Fans of Monty Python might remember the sketch in which, as part of a new building initiative, an apartment complex remains standing only so long as its inhabitants maintain a collective belief in its continued existence. As soon as they begin to doubt it, the entire building collapses. So is the case with death. We have a vague understanding of its existence but when we have to properly face it, our untested assurance shatters and the facade collapses. As the Tibetan Buddhist writer, Sogyal Rinpoche, says, “People today are taught to deny death, and taught that it means nothing but annihilation and loss. That means that most of the world lives either in denial of death or in terror of it.” Both attitudes that lead people to avoid it as a subject altogether. What’s wrong with that, you might say? Who wants to talk about death? It’s morbid, it’s depressing. That may be, but for me at least, the lack of any real faith in an afterlife makes us pursue lives devoid of any real meaning. We live for the moment, filling our lives with as much pleasure as we can, relying entirely on external things to provide it. And when we come face to face with ourselves, or with death, where we can take none of those things with us, we are both terrified and full of regret for our life choices. On a larger scale as well, it means we as societies have no long-term vision, and we abuse and exploit the planet for what it’s worth in this lifetime, subjecting our descendants to a life of deprivation and struggle.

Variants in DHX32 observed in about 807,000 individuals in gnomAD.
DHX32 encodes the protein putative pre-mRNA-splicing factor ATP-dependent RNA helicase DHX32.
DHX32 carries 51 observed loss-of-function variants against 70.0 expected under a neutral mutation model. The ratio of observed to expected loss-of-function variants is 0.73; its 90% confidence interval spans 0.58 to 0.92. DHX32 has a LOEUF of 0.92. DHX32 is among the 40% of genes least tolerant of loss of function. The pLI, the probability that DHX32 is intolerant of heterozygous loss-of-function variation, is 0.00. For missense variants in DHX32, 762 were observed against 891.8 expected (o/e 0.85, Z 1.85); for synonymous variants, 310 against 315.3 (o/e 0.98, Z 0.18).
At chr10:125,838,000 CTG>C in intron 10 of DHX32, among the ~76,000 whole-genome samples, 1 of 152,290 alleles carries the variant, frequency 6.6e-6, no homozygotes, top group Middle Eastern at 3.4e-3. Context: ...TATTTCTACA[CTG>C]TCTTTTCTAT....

How did this happen? For me, a number of happy and very unhappy accidents coincided to create the materialist culture we currently “enjoy”. Most of these stem from the revolutions in communications, domestic life, social organisation and technology which originated during and after the Second World War. The technological advances were aptly summarized by the architect of the Third Reich, Albert Speer, during and after his Nuremberg trial, before even the dust had settled. He mainly spoke about the developments in weaponry, transport and communication, but within 20 years, domestic appliances such as televisions, washing machines and vacuum cleaners would be in a huge proportion of European and American households. The idea behind these new technologies was to make people’s lives easier, more comfortable; to take away the hardships that had previously characterized our existence. The question is then, why did we need this?